- International Policy Analysis
- Public Policy Analysis
- Youth Services/Administration
What Courses Will I Take as a Social Work Major?
Your concentration will determine many of the courses you’ll take as a Social Work major. Likewise, you will be required to take a number of requisite courses on foundational topics such as Social Welfare Policy and Case Management. However, you will also have the freedom to select an array of courses that most interest you. As a Social Work major, you’ll choose from an array of courses centered around improving public health and welfare.
Common Social Work courses include:
- Race and Justice
- Social Work Research Methods
- Social Psychology
- Community Organizing
- Public Health Outreach
- Social Services Administration
- Addiction Counseling
- Family and Youth Intervention
What can I do with a Major in Social Work?
The high-growth field of social work offers a wide range of professional opportunities. Depending on your skills, interests and desired workplace setting, you have plenty of options, including these top jobs:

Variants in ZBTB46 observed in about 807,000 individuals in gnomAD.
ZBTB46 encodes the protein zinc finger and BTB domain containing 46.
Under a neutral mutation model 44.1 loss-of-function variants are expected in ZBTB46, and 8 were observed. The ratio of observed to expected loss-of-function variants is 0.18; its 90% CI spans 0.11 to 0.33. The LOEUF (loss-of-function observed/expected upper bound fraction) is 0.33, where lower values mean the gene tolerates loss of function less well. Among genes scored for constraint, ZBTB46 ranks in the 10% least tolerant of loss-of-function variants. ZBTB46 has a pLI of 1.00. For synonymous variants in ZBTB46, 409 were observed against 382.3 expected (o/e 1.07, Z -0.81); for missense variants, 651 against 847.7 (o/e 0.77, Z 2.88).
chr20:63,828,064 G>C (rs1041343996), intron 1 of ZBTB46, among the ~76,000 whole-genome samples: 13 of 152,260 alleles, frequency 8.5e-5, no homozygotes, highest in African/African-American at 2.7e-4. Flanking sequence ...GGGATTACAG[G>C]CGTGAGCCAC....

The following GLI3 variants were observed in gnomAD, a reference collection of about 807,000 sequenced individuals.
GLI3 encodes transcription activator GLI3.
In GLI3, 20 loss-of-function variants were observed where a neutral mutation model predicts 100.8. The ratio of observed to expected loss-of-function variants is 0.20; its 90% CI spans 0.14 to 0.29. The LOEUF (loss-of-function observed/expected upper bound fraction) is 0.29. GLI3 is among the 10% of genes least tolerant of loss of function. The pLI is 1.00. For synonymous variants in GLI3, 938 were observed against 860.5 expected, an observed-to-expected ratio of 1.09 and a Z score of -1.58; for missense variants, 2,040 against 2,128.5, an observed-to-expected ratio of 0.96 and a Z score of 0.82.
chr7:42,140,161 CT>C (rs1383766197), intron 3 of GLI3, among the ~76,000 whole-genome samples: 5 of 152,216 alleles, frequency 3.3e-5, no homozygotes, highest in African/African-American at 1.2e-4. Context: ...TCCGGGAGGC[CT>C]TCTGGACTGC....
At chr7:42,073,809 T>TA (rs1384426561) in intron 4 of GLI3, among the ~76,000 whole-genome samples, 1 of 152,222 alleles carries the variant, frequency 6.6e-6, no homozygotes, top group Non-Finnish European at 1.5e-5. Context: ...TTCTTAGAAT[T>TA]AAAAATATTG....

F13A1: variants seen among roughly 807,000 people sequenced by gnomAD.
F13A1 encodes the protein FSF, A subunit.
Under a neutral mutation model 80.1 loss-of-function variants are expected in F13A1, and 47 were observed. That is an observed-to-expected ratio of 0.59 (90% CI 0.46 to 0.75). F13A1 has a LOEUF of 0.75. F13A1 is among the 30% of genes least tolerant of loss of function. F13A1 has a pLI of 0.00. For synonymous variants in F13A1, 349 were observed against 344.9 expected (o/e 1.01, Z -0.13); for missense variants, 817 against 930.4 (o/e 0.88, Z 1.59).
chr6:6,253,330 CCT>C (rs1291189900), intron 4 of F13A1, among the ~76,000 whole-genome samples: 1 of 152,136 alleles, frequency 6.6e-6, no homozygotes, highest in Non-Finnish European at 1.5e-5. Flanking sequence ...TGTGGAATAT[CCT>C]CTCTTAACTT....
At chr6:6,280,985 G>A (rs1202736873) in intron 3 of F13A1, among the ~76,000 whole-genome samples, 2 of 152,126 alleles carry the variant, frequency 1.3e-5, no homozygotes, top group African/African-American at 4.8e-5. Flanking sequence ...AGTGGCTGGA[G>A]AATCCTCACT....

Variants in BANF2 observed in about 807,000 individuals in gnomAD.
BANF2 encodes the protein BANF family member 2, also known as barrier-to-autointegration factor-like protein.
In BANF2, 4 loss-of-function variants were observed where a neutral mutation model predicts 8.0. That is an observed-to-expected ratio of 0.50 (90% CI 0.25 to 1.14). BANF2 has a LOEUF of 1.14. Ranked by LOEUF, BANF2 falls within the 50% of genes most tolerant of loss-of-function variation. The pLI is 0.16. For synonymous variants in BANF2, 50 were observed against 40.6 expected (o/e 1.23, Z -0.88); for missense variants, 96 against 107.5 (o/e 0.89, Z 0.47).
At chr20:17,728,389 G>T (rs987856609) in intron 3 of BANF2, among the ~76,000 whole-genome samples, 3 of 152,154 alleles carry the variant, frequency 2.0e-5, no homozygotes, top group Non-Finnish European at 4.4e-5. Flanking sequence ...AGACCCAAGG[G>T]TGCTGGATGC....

- Social Workers
- Social and Human Service Assistants
- Health Educators and Community Health Workers
- Marriage and Family Therapists
- Probation Officers and Correctional Treatment Specialists
- Rehabilitation Counselors
- School and Career Counselors
- Substance Abuse, Behavioral Disorder, and Mental Health Counselors
Curious how far you could go with a Major in Social Work? Start with a look at the top influencers in the field today!
If you’re still struggling with what to major in, check out our guide to college majors and programs.***
Check out The Most Influential Schools in Social Work and get started on your path to a Social Work degree.
Check out our Career Guidance home page for help taking the next step in your career.